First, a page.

Whiplash injury is a type of neck injury caused by sudden movement of the head forwards, backwards or sideways.
It occurs when the soft tissues in the neck become stretched and damaged (sprained).
Whiplash will often get better within a few weeks or months, but for some people it can last longer and severely limit their activities.
This page covers:
When to get medical advice
Symptoms of whiplash
Common symptoms of whiplash include:
- neck pain and tenderness
- neck stiffness and difficulty moving your head
- muscle spasms
- pain in the shoulders and arms
Less common symptoms include pins and needles in your arms and hands, dizziness, tiredness, memory loss, poor concentration and irritability.
It can take several hours for the symptoms to develop after you injure your neck. The symptoms are often worse the day after the injury, and may continue to get worse for several days.
When to get medical advice
Visit your GP if you've recently been involved in a road accident, or you've had a sudden impact to your head and you have pain and stiffness in your neck.
They'll ask how the injury happened and about your symptoms. They may also examine your neck for muscle spasms and tenderness, and may assess the range of movement in your neck.
Scans and tests such as X-rays will usually only be carried out if a broken bone or other problem is suspected.
Causes of whiplash
Whiplash can occur if the head is thrown forwards, backwards or sideways violently.
Common causes of whiplash include:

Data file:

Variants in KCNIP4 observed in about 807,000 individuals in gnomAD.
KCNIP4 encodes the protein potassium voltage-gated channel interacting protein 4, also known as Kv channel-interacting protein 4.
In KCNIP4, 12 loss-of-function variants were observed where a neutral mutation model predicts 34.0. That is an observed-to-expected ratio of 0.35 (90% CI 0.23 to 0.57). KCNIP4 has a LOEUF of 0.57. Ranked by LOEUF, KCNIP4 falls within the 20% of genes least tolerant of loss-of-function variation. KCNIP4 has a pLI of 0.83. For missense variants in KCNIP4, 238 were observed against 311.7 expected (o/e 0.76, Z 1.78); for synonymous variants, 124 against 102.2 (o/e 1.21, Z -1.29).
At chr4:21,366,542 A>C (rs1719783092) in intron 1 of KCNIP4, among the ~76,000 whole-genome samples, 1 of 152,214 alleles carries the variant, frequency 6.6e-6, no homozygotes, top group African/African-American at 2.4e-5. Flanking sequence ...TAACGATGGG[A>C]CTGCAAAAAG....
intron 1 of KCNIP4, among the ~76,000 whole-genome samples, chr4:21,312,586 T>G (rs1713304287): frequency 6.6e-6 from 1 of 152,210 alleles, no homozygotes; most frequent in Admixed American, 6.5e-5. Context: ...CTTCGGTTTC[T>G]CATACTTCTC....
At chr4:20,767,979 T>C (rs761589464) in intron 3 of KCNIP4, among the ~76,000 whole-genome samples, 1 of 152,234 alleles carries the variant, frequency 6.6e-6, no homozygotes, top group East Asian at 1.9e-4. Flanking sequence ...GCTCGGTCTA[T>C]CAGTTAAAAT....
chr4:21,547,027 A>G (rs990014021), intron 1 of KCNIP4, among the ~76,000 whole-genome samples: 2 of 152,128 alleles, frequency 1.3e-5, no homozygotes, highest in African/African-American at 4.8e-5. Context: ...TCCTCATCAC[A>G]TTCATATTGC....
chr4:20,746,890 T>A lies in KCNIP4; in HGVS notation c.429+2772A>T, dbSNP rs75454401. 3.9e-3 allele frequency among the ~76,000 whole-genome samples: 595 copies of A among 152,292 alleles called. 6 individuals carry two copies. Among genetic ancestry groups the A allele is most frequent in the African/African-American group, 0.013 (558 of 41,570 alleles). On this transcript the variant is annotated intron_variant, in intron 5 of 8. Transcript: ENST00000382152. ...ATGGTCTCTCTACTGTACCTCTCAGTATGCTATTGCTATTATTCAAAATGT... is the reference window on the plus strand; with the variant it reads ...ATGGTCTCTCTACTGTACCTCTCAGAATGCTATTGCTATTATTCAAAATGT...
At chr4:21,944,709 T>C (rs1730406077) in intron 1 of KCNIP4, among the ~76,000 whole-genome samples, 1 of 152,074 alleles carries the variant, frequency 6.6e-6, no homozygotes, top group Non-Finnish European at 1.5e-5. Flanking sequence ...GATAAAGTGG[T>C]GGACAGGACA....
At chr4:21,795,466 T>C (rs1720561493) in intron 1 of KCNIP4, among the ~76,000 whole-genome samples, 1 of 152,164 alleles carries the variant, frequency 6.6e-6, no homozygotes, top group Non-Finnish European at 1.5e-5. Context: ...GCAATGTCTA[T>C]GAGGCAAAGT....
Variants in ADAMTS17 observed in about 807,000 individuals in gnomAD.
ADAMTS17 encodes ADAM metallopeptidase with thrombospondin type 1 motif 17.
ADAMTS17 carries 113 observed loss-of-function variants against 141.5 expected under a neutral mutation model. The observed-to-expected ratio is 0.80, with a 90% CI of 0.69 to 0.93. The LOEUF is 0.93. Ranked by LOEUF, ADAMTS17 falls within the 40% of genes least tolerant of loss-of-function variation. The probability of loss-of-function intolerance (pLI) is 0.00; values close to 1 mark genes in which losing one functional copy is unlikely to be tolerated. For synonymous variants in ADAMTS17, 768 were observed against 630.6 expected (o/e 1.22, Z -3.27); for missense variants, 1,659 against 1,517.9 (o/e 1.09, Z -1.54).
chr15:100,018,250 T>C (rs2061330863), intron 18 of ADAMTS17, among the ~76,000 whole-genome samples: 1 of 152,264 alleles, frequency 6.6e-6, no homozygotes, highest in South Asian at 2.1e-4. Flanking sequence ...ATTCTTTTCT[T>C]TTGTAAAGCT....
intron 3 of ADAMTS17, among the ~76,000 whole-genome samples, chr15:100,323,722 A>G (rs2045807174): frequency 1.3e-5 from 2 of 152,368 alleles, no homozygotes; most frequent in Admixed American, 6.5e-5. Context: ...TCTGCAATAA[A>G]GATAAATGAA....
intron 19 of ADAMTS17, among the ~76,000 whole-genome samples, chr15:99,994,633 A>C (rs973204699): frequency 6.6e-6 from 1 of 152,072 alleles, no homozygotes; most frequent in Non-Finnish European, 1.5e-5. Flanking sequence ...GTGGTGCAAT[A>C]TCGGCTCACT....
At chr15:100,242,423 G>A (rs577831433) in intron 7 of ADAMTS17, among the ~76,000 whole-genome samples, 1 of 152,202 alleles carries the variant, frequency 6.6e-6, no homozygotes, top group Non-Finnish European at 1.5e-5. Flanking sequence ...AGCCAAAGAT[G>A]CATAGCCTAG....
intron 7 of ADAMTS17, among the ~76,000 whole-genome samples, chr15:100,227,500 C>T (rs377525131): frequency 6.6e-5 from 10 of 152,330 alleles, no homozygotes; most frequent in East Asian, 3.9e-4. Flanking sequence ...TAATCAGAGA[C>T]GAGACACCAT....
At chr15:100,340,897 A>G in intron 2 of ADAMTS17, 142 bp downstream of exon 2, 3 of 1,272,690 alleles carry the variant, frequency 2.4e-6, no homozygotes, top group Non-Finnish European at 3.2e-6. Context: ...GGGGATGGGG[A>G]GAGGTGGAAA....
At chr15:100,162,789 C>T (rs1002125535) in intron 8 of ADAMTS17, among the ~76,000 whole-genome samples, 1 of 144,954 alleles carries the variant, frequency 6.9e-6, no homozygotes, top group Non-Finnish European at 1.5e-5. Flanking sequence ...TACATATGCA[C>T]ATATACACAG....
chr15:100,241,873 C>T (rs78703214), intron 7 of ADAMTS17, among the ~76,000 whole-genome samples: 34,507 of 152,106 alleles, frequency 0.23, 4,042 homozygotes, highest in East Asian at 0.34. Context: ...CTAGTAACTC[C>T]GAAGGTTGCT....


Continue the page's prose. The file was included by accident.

- road traffic accidents and collisions
- a sudden blow to the head – for example, during sports such as boxing or rugby
- a slip or fall where the head is suddenly jolted backwards
- being struck on the head by a heavy or solid object
Treatments for whiplash
Whiplash will usually get better on its own or after some basic treatment.
Treatments for whiplash include:
- keeping your neck mobile and continuing with your normal activities – using a neck brace or collar isn't recommended
- painkillers such as paracetamol or ibuprofen – stronger painkillers are available on prescription if these don't help
- physiotherapy, exercises and stretches
If your pain lasts a long time, you may be referred for specialist treatment and support at an NHS pain clinic.
Painkilling injections and surgery aren't normally used for whiplash.
Read more about how whiplash is treated.
Outlook for whiplash
The length of time it takes to recover from whiplash can vary and is very hard to predict.
Many people will feel better within a few weeks or months, but sometimes it can last up to a year or more.
Severe or prolonged pain can make it difficult to carry out daily activities and enjoy your leisure time. It may also cause problems at work and could lead to anxiety or depression.
Try to remain positive and focus on your treatment objectives. But if you do feel depressed, speak to your GP about appropriate treatment and support.